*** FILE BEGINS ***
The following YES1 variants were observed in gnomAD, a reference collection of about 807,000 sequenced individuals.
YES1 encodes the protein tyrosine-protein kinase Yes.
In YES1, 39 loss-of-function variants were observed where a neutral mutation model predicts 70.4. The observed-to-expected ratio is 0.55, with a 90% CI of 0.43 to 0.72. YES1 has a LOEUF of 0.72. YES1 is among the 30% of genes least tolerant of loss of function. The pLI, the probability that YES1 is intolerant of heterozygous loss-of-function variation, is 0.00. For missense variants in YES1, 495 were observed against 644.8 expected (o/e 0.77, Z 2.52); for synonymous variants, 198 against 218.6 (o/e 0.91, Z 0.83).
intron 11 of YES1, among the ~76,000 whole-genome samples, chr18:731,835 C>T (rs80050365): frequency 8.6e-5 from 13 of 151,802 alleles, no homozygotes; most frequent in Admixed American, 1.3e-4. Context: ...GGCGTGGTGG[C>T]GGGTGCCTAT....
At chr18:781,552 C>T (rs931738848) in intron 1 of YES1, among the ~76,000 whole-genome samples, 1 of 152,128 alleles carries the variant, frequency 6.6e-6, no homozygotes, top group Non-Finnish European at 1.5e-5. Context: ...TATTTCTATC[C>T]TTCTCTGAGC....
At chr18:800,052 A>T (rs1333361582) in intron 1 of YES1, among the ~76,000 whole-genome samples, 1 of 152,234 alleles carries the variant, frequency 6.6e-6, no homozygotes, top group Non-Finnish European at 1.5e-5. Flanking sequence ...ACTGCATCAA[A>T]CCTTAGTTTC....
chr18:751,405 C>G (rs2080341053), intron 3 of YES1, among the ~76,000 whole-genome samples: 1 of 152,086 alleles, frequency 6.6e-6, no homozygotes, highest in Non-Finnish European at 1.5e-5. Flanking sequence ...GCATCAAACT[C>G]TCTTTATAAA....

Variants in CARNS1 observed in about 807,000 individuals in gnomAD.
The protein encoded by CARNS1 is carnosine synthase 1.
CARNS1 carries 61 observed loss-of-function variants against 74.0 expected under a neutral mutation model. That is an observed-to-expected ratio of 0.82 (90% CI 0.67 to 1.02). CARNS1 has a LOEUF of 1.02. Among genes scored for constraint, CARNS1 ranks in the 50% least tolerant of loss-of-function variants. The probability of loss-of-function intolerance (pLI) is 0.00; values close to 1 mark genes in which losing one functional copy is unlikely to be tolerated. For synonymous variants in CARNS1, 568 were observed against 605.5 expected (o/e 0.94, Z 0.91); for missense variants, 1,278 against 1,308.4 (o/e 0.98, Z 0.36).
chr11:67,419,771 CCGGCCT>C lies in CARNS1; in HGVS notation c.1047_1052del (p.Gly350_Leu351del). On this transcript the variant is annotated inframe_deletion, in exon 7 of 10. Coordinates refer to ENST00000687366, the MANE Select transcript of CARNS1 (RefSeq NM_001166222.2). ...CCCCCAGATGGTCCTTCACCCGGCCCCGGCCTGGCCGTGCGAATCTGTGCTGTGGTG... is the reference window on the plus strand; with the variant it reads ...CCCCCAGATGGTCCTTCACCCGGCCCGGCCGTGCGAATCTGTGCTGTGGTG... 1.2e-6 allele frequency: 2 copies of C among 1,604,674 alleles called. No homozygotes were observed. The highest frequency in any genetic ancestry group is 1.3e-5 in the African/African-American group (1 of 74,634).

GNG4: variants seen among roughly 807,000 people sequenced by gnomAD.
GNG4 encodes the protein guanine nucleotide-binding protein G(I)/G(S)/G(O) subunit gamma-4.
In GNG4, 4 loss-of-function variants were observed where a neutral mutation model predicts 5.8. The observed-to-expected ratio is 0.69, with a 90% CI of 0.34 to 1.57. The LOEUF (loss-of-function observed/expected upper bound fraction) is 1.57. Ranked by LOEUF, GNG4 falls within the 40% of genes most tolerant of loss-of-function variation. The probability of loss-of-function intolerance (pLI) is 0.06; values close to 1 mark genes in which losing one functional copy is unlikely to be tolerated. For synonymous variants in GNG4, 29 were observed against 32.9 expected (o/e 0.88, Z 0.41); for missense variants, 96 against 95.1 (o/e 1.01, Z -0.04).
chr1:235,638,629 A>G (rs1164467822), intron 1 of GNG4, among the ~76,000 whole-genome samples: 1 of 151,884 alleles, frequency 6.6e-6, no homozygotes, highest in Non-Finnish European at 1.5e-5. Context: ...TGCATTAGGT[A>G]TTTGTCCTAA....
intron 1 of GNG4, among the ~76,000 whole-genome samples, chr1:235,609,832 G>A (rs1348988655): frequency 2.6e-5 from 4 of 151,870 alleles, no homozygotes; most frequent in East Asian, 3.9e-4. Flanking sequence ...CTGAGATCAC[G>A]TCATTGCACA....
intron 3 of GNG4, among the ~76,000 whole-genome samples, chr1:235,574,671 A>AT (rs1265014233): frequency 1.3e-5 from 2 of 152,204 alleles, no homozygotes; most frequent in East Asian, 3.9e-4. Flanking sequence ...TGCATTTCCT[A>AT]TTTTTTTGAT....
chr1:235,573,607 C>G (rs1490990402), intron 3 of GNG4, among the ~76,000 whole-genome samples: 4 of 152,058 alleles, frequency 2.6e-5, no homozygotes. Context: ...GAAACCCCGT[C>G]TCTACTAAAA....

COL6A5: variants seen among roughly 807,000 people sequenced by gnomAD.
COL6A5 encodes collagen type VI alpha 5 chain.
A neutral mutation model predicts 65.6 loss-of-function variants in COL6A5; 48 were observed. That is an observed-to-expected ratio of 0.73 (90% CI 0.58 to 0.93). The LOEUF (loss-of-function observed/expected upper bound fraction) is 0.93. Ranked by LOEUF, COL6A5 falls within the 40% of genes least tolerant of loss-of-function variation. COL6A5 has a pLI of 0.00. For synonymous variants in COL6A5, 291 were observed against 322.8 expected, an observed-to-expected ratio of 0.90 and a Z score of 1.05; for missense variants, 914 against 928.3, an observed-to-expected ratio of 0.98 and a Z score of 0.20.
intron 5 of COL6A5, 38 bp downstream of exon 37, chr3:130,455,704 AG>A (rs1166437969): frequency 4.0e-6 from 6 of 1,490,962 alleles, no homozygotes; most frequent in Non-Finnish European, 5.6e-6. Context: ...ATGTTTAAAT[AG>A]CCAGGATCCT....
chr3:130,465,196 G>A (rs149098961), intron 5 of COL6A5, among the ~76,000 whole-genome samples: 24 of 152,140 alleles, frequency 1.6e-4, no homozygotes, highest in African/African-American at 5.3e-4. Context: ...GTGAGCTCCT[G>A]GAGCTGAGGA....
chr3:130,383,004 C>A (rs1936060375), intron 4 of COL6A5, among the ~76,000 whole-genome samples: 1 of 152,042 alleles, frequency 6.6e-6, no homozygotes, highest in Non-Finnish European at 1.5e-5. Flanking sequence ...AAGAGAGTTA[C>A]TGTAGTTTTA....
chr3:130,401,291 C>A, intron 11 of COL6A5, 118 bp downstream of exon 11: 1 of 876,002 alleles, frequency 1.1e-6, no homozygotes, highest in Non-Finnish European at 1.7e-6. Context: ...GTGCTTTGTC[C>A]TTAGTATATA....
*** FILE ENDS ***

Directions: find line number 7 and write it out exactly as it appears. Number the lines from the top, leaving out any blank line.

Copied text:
chr18:751,405 C>G (rs2080341053), intron 3 of YES1, among the ~76,000 whole-genome samples: 1 of 152,086 alleles, frequency 6.6e-6, no homozygotes, highest in Non-Finnish European at 1.5e-5. Flanking sequence ...GCATCAAACT[C>G]TCTTTATAAA....